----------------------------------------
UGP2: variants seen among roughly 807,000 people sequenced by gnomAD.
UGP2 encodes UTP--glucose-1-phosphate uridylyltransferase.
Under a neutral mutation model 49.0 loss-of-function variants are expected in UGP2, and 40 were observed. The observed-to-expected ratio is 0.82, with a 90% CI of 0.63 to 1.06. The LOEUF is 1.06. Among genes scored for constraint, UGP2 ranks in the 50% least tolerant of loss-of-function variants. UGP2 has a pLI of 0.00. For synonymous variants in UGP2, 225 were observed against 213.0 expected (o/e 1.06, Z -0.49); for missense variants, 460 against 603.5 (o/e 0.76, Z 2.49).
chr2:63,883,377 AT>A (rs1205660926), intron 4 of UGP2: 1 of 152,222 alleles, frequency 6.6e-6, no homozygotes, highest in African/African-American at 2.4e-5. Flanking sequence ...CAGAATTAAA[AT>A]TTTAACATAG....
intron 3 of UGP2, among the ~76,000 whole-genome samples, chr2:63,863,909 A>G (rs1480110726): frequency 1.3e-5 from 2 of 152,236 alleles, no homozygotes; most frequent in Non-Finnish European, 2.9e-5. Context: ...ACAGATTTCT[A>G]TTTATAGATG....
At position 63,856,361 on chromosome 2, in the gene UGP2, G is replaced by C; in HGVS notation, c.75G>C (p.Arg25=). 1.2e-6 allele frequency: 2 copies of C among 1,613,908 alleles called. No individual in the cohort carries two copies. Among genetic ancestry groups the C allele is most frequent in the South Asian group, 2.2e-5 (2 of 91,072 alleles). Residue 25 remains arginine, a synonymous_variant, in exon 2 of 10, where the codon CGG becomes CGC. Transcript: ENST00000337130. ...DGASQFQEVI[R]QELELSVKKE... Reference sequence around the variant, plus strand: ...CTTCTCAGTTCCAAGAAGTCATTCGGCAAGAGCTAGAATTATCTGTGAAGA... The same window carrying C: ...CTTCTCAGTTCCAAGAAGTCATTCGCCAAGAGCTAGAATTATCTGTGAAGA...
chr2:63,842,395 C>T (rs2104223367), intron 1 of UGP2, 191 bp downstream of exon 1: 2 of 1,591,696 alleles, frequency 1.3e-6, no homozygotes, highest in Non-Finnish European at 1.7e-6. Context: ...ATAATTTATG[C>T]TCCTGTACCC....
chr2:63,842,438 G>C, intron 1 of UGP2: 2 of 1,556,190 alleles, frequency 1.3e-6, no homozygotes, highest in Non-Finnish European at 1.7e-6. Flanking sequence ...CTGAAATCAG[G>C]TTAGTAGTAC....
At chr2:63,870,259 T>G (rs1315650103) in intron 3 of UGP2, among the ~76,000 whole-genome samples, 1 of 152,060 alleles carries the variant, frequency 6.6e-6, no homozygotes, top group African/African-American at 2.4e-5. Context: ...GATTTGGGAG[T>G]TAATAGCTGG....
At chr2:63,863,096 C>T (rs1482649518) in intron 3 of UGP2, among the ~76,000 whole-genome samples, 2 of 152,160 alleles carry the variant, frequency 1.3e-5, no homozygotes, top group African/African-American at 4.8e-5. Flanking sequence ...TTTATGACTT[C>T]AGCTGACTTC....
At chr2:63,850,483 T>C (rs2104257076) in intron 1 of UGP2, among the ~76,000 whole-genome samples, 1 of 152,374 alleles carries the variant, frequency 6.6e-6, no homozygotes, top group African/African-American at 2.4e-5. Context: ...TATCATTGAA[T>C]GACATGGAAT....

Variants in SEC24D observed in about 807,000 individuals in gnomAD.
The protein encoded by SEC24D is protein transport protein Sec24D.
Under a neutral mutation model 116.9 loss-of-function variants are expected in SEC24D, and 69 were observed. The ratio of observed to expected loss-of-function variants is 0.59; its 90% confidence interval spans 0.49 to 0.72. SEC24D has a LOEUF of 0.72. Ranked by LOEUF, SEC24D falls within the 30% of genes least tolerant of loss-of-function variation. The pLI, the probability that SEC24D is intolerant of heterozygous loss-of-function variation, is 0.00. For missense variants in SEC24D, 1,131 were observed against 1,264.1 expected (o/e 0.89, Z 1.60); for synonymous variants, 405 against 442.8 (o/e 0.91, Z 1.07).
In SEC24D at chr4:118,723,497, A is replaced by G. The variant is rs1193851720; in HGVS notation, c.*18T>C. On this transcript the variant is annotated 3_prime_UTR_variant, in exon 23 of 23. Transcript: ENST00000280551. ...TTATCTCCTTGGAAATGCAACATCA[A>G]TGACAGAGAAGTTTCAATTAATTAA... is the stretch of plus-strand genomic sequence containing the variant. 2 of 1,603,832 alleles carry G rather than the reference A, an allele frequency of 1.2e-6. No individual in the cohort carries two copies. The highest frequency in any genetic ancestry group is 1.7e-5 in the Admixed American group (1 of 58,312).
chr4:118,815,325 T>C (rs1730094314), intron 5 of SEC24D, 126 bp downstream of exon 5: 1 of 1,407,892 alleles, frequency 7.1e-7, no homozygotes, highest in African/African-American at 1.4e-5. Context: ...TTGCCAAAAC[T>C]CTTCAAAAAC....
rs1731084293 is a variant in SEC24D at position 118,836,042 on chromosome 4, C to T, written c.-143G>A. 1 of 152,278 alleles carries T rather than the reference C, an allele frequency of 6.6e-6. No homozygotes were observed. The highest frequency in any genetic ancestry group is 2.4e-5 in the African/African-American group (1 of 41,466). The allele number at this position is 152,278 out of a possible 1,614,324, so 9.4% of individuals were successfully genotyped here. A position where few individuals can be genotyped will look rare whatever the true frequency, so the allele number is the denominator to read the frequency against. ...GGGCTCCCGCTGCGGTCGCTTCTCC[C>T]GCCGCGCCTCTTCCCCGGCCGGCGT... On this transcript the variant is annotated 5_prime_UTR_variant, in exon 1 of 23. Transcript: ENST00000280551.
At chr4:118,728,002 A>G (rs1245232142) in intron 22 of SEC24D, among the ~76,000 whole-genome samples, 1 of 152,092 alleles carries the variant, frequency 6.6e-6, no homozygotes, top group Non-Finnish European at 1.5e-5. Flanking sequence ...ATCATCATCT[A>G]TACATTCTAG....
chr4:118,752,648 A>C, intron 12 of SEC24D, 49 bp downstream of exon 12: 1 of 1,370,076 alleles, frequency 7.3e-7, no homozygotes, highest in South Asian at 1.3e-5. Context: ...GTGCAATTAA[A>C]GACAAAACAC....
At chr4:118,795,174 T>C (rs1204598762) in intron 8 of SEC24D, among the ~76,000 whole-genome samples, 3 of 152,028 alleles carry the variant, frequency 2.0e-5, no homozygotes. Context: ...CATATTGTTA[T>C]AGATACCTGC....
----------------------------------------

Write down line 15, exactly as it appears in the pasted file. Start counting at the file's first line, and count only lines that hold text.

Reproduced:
In SEC24D at chr4:118,723,497, A is replaced by G. The variant is rs1193851720; in HGVS notation, c.*18T>C. On this transcript the variant is annotated 3_prime_UTR_variant, in exon 23 of 23. Transcript: ENST00000280551. ...TTATCTCCTTGGAAATGCAACATCA[A>G]TGACAGAGAAGTTTCAATTAATTAA... is the stretch of plus-strand genomic sequence containing the variant. 2 of 1,603,832 alleles carry G rather than the reference A, an allele frequency of 1.2e-6. No individual in the cohort carries two copies. The highest frequency in any genetic ancestry group is 1.7e-5 in the Admixed American group (1 of 58,312).